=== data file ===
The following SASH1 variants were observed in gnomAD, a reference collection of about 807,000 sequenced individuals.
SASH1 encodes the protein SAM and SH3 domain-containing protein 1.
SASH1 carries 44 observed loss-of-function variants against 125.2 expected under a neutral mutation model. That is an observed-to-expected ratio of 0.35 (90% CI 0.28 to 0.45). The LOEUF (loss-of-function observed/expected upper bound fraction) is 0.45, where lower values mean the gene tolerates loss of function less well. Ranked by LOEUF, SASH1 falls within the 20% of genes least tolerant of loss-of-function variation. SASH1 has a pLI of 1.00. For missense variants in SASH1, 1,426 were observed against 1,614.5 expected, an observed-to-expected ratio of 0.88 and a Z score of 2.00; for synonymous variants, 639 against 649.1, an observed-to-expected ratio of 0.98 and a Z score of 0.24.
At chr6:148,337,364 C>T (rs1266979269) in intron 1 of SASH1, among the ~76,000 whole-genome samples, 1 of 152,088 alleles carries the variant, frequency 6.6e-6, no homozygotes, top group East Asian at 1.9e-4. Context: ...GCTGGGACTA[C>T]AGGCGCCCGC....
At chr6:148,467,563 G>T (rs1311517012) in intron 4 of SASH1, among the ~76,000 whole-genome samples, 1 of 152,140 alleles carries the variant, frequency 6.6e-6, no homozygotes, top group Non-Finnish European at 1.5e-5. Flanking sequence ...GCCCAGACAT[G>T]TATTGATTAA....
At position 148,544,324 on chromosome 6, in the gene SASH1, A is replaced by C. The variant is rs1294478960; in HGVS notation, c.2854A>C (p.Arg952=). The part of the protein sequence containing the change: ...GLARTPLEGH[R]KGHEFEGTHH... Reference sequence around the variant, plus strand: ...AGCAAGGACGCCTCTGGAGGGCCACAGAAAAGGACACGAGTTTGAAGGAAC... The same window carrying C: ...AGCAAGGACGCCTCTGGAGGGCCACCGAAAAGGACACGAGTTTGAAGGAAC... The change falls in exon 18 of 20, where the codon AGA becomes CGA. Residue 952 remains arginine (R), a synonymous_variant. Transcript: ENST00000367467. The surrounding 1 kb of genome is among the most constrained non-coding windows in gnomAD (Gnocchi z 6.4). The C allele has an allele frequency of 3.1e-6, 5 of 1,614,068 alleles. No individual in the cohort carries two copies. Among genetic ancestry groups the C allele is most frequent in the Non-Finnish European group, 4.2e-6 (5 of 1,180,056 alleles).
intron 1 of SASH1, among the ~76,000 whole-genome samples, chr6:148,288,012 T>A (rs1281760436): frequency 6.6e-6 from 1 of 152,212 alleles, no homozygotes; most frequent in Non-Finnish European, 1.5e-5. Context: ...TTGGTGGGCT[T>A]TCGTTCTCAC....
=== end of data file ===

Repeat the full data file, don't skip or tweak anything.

The following SASH1 variants were observed in gnomAD, a reference collection of about 807,000 sequenced individuals.
SASH1 encodes the protein SAM and SH3 domain-containing protein 1.
SASH1 carries 44 observed loss-of-function variants against 125.2 expected under a neutral mutation model. That is an observed-to-expected ratio of 0.35 (90% CI 0.28 to 0.45). The LOEUF (loss-of-function observed/expected upper bound fraction) is 0.45, where lower values mean the gene tolerates loss of function less well. Ranked by LOEUF, SASH1 falls within the 20% of genes least tolerant of loss-of-function variation. SASH1 has a pLI of 1.00. For missense variants in SASH1, 1,426 were observed against 1,614.5 expected, an observed-to-expected ratio of 0.88 and a Z score of 2.00; for synonymous variants, 639 against 649.1, an observed-to-expected ratio of 0.98 and a Z score of 0.24.
At chr6:148,337,364 C>T (rs1266979269) in intron 1 of SASH1, among the ~76,000 whole-genome samples, 1 of 152,088 alleles carries the variant, frequency 6.6e-6, no homozygotes, top group East Asian at 1.9e-4. Context: ...GCTGGGACTA[C>T]AGGCGCCCGC....
At chr6:148,467,563 G>T (rs1311517012) in intron 4 of SASH1, among the ~76,000 whole-genome samples, 1 of 152,140 alleles carries the variant, frequency 6.6e-6, no homozygotes, top group Non-Finnish European at 1.5e-5. Flanking sequence ...GCCCAGACAT[G>T]TATTGATTAA....
At position 148,544,324 on chromosome 6, in the gene SASH1, A is replaced by C. The variant is rs1294478960; in HGVS notation, c.2854A>C (p.Arg952=). The part of the protein sequence containing the change: ...GLARTPLEGH[R]KGHEFEGTHH... Reference sequence around the variant, plus strand: ...AGCAAGGACGCCTCTGGAGGGCCACAGAAAAGGACACGAGTTTGAAGGAAC... The same window carrying C: ...AGCAAGGACGCCTCTGGAGGGCCACCGAAAAGGACACGAGTTTGAAGGAAC... The change falls in exon 18 of 20, where the codon AGA becomes CGA. Residue 952 remains arginine (R), a synonymous_variant. Transcript: ENST00000367467. The surrounding 1 kb of genome is among the most constrained non-coding windows in gnomAD (Gnocchi z 6.4). The C allele has an allele frequency of 3.1e-6, 5 of 1,614,068 alleles. No individual in the cohort carries two copies. Among genetic ancestry groups the C allele is most frequent in the Non-Finnish European group, 4.2e-6 (5 of 1,180,056 alleles).
intron 1 of SASH1, among the ~76,000 whole-genome samples, chr6:148,288,012 T>A (rs1281760436): frequency 6.6e-6 from 1 of 152,212 alleles, no homozygotes; most frequent in Non-Finnish European, 1.5e-5. Context: ...TTGGTGGGCT[T>A]TCGTTCTCAC....